For a matrix-vector multiply, where the matrix can be split to fit (completely) in the memory of several GPUs, there may be some benefit in the sense that you would only have to transfer the matrix to the GPUs once, and then re-use it for each subsequent matrix-vector multiply. The vector to multiply would be sent to all the GPUs, so the vector transfer cost increases by the number of GPUs used. In this case, the result vector would have to be assembled from pieces on each GPU. But since the subsequent operation would be a max-finding op, this can be split in pieces, meaning the reassembly cost can be mostly eliminated also.

If the matrix cannot completely fit in the memory of the several GPUs, then I would go back to my previous comments: this doesn’t look to be an interesting op to perform on the GPU(s).

I would suggest taking a hard look at the higher-level task to be accomplished. In other words, algorithms. I consider it quite unlikely that a massive matrix-vector multiply is the only way to skin this particular kumquat.

@Robert_Crovella , just to understand a bit better on what you and @njuffa reiterated.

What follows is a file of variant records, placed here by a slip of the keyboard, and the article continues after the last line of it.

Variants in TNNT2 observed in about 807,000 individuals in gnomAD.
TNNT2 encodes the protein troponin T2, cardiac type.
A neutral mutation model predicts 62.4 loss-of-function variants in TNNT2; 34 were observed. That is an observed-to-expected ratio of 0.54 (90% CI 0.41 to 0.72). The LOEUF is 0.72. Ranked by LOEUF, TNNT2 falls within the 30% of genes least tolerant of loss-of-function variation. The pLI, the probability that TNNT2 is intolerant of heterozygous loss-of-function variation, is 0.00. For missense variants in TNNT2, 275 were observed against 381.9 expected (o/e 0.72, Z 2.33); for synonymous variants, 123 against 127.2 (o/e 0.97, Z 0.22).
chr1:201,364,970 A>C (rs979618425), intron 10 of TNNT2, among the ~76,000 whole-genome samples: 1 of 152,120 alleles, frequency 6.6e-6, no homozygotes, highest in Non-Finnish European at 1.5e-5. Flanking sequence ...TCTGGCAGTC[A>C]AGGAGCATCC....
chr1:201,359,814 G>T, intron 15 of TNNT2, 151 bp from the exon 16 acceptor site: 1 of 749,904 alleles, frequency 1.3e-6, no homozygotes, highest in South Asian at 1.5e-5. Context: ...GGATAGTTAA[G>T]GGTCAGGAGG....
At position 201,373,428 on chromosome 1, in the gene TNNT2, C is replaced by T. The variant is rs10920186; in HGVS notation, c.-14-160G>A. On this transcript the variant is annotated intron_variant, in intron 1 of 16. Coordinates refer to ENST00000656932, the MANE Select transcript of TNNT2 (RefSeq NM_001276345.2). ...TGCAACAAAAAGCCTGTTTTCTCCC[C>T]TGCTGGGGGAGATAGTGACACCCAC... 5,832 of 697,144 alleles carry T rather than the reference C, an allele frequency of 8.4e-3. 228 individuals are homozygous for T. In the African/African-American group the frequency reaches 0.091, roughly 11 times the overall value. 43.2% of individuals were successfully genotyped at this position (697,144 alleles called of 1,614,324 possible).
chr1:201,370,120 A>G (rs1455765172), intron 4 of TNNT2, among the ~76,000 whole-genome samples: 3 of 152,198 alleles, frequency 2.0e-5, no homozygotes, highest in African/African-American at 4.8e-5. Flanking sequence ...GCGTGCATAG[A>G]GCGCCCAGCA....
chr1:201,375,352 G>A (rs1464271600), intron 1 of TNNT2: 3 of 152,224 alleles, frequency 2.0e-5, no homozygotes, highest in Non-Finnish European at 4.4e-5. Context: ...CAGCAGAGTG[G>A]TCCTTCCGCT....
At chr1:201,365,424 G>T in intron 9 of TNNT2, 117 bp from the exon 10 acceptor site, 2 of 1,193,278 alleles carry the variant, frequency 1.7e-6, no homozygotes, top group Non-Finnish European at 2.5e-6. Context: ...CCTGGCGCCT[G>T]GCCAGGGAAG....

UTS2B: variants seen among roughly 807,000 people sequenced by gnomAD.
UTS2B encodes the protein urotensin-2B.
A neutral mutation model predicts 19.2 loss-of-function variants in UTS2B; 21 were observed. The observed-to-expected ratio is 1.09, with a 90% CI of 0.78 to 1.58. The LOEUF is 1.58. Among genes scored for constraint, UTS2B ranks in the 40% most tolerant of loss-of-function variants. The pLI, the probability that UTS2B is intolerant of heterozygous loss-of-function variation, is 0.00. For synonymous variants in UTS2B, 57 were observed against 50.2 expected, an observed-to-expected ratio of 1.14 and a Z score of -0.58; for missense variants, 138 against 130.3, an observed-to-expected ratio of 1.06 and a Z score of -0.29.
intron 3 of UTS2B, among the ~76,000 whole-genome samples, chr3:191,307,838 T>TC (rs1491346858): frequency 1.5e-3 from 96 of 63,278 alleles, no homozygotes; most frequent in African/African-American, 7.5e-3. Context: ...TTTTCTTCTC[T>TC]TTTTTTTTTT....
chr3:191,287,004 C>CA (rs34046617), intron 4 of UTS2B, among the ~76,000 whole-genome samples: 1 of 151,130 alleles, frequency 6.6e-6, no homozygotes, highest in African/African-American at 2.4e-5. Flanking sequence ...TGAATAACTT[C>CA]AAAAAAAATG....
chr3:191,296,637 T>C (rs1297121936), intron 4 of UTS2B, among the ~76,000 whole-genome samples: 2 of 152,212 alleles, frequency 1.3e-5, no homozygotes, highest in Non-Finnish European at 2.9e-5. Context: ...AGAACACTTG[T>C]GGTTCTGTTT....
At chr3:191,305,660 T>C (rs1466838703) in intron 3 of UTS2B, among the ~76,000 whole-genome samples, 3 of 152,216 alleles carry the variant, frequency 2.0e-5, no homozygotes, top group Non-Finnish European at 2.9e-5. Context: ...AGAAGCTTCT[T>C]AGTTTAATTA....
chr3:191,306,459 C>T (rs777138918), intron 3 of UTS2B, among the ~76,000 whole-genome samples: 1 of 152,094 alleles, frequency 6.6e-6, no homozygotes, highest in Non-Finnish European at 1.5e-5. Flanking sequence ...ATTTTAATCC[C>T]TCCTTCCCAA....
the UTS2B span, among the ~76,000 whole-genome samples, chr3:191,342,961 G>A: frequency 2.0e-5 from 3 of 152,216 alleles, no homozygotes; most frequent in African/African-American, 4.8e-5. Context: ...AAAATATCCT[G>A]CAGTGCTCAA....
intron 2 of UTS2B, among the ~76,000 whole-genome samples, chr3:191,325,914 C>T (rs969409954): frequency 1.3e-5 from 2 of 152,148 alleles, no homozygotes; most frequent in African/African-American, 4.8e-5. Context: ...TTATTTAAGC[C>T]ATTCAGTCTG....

Are you saying that its not possible to hide the latency of data transfer between CPU and GPU by doing the compute and transfer in parallel ?

Is this because even if we do so then the bandwidth between GPU SM and its memory is reduced by a proportional amount thus increasing the compute time of the kernel itself ?

There could certainly be overlap. But there is not a whole lot of compute in matrix-vector computation. That is why it is bound by memory throughput. With small GPU memory connected to the host system by a tiny PCIe straw, all components (CPU, GPU, PCIe interconnect) would mostly be busy shuffling data around, concurrently. That is not an efficient use of energy.

Both in terms of execution time and energy usage, compute is dirt cheap while memory access is expensive. Therefore a key to efficient computing is to minimize moving data. In terms of BLAS: Use BLAS-3 operations heavily, use BLAS-1 and BLAS-2 operations lightly.

For an out-of-core scenario (problem size > GPU memory) even BLAS-3 operations can suffer massive reduction in efficiency, but are likely to still provide an overall win since a GPU can beat a CPU by a factor of 10 in FLOPS and a factor of 5 in local bandwidth.